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Species Scolecocampa liburna - Dead-wood Borer Moth - Hodges#8514

5012523 larva - Scolecocampa liburna caterpillar - Scolecocampa liburna Dead-Wood Borer Moth - Hodges#8514 - Scolecocampa liburna  Dead-Wood Borer Moth - Scolecocampa liburna Moth 071614 ID - Scolecocampa liburna Dead-Wood Borer Moth - Hodges #8514 - Scolecocampa liburna Dead-wood borer - Scolecocampa liburna Moth for ID - Scolecocampa liburna
Show images of: caterpillars · adults · both
Classification
Kingdom Animalia (Animals)
Phylum Arthropoda (Arthropods)
Subphylum Hexapoda (Hexapods)
Class Insecta (Insects)
Order Lepidoptera (Butterflies and Moths)
Superfamily Noctuoidea (Owlet Moths and kin)
Family Erebidae
Subfamily Scolecocampinae
Genus Scolecocampa
Species liburna (Dead-wood Borer Moth - Hodges#8514)
Hodges Number
8514
Synonyms and other taxonomic changes
Scolecocampa liburna (Geyer, 1837)
Clytie liburna Geyer, 1837
Phylogenetic sequence # 930637
Size
Wingspan 35-43 mm
Identification
Adult: Straw-colored FW, with fragmented AM and PM lines reduced to rows of brown dots. Tiny black basal and orbicular spots are black. Hollow reniform spot is outlined brown. Dotted ST has dusky blotch beyond midpoint. (1)
Larva:
Caterpillar lacks prolegs (except for vestigial stumps) on the third abdominal segment, characteristic of genus (Forbes, 1954, ref. pers. comm. Dr. Steve Hall to P. Coin).
Historic description of caterpillar from Psyche vol. 2, Sept.-Dec., 1879. (Nos. 65-68), p. 272:
Length 38 mm., thickness 6 mm. Color, dirty white. Smooth and shining, with a few scattered hairs, Head and anal segment black. Contents of the intestinal canal showing through the skin of the dorsum. On each segment are twelve small black spots, two on each side of the dorsum, and four in the vicinity of the breathers. Legs and pro-legs light brown, the former rather darker than the latter.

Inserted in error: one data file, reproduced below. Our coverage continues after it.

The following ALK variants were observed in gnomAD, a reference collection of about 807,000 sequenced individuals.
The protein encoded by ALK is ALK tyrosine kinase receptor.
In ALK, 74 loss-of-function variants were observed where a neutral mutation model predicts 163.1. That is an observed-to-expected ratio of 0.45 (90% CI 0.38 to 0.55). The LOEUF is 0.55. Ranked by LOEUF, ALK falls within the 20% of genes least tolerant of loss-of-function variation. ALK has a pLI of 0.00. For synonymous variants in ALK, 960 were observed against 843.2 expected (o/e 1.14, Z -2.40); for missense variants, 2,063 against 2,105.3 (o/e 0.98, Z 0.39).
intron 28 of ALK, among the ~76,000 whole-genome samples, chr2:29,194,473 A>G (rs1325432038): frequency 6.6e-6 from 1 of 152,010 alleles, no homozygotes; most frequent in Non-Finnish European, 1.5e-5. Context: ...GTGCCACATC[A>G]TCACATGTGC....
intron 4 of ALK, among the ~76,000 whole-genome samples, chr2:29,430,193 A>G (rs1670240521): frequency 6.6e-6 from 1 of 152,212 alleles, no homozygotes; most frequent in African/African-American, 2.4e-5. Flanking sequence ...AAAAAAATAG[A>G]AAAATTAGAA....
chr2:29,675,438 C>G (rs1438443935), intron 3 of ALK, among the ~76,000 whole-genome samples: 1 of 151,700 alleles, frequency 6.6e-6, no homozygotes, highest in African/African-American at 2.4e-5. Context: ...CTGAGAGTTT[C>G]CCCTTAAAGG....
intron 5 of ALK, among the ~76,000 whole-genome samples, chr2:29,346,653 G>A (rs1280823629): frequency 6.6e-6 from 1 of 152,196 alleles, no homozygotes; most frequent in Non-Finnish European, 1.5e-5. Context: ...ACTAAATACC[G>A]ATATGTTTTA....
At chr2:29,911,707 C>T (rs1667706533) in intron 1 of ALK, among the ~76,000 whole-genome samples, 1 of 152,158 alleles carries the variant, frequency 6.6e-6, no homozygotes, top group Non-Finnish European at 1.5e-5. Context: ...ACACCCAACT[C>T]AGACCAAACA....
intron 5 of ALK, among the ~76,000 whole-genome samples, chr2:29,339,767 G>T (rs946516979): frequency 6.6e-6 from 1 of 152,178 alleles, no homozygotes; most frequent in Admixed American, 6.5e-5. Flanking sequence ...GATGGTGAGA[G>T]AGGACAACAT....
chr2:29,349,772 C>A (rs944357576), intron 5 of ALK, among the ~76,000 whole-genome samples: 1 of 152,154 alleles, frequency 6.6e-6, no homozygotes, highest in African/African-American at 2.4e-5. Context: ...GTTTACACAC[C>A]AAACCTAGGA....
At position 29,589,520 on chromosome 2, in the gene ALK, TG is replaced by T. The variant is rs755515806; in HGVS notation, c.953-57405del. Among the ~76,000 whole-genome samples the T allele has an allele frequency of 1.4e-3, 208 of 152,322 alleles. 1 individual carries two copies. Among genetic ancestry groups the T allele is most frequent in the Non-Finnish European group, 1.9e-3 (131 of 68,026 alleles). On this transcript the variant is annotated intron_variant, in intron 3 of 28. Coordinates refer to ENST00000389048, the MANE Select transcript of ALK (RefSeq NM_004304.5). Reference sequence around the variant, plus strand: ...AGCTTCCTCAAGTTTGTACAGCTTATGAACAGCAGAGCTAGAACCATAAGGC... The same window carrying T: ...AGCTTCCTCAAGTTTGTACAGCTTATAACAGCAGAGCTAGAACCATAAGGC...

Range
e. US. - Map (2),(3),(4),(5),(6)
Habitat
Deciduous forests
Season
Adults are most common from March-October, with earlier starting flight in the southern areas.
Heppner (2003) reported adults in Florida from January to November. (6)
Life Cycle
Larvae feed inside decaying logs of deciduous trees, may actually be feeding on fungi therein. (7)
Print References
Covell, p. 160, plate 40 #8 (8)
Works Cited
1.Peterson Field Guide to Moths of Northeastern North America
David Beadle and Seabrooke Leckie. 2012. Houghton Mifflin.
2.South Carolina Moth Species
3.Checklist of the Lepidoptera of Florida
4.Arkansas Lepidoptera Survey
5.Moths of Dallas County, Texas
6.Arthropods of Florida and Neighboring Land Areas: Lepidoptera of Florida
J.B. Heppner. 2003. Florida Department of Agriculture 17(1): 1-670.
7.The Lepidoptera of New York and Neighboring States
William T.M. Forbes. 1923. Cornell University, Ithaca, New York; Memoir 68.
8.Peterson Field Guides: Eastern Moths
Charles V. Covell. 1984. Houghton Mifflin Company.
9.North American Moth Photographers Group
10.BOLD: The Barcode of Life Data Systems